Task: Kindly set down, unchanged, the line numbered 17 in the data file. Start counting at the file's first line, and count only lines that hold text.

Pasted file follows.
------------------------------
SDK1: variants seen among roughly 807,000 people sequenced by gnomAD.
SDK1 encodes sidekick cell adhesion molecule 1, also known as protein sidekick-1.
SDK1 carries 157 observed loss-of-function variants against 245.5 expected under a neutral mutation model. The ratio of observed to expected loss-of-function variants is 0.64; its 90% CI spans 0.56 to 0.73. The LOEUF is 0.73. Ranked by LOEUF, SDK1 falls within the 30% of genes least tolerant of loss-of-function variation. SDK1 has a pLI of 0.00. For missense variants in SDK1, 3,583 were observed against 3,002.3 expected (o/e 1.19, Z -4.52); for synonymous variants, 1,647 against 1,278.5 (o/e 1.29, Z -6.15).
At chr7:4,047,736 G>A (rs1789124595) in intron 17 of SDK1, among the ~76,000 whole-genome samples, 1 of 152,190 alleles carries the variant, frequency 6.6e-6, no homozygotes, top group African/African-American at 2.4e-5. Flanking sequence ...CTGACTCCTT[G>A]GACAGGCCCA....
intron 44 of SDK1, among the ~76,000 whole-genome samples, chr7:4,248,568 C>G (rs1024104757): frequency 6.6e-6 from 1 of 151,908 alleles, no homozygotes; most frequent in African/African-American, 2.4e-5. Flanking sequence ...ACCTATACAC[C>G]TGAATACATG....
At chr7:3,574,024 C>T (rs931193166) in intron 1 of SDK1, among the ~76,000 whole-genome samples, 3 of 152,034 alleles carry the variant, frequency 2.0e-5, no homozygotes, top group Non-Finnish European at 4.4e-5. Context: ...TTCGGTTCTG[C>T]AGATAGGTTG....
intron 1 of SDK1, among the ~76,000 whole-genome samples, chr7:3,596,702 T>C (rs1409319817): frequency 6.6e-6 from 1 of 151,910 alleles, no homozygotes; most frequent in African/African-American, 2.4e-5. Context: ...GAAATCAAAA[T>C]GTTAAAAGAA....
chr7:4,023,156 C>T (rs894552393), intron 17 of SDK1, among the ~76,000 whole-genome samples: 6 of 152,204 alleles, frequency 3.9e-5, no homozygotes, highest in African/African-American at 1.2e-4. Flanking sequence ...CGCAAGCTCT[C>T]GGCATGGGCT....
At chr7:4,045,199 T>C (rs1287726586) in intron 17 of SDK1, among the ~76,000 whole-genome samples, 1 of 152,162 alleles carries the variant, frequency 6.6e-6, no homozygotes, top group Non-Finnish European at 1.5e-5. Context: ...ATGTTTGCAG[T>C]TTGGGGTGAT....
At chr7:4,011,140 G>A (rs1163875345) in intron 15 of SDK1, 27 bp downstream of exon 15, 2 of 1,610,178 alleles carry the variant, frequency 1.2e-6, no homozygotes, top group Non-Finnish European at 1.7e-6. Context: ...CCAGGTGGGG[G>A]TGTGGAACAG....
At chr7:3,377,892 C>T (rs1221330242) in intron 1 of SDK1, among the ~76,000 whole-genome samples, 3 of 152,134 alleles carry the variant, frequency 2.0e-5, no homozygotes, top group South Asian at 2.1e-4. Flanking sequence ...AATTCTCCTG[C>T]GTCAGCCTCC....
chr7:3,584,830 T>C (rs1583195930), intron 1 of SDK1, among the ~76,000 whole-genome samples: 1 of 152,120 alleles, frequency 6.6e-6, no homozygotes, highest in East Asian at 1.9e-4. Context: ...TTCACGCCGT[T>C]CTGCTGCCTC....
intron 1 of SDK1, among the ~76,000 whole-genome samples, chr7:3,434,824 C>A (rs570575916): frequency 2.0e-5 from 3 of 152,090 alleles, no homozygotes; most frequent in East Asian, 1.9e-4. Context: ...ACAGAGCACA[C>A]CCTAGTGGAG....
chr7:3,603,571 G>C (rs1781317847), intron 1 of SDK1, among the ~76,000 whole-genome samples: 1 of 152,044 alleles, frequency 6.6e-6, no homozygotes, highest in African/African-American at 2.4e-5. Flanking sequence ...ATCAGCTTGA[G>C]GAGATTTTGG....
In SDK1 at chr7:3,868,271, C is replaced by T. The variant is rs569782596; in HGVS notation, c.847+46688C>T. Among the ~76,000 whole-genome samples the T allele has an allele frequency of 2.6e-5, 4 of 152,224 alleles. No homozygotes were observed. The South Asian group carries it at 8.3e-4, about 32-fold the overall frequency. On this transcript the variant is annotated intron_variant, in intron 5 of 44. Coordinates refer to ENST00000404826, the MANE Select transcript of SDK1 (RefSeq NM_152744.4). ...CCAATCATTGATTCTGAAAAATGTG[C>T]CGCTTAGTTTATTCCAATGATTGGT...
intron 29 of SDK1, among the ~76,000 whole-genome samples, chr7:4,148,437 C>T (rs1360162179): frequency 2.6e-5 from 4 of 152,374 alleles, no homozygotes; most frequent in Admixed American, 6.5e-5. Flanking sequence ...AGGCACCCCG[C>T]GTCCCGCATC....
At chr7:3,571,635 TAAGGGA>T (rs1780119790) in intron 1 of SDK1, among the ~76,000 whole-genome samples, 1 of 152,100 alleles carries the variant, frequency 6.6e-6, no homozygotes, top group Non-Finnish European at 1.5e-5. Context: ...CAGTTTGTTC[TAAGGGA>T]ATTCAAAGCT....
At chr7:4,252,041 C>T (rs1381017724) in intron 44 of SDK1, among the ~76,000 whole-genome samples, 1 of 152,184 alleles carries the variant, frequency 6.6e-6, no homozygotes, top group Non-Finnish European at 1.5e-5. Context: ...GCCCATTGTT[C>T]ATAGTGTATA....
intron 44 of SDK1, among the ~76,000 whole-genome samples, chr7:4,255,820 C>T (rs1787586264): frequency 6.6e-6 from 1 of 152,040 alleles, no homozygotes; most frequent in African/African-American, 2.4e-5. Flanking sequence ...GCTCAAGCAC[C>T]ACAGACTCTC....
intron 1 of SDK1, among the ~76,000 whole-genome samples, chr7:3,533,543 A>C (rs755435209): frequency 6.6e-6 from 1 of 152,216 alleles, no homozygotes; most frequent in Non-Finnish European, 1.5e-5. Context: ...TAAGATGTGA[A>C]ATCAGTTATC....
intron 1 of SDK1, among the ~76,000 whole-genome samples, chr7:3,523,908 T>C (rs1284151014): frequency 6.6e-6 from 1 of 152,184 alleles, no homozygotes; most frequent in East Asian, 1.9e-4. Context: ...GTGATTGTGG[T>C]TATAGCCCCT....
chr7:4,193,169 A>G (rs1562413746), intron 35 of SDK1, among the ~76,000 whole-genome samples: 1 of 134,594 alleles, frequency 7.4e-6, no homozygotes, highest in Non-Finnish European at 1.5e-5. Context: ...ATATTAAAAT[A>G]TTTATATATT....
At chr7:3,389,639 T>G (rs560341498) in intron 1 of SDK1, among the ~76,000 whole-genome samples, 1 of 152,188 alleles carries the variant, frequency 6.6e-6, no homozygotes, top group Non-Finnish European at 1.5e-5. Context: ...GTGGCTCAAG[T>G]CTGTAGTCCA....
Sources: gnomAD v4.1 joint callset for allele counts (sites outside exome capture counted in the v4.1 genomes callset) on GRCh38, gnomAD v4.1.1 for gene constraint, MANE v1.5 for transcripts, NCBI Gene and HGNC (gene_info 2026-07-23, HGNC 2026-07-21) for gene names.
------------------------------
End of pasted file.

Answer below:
At chr7:3,571,635 TAAGGGA>T (rs1780119790) in intron 1 of SDK1, among the ~76,000 whole-genome samples, 1 of 152,100 alleles carries the variant, frequency 6.6e-6, no homozygotes, top group Non-Finnish European at 1.5e-5. Context: ...CAGTTTGTTC[TAAGGGA>T]ATTCAAAGCT....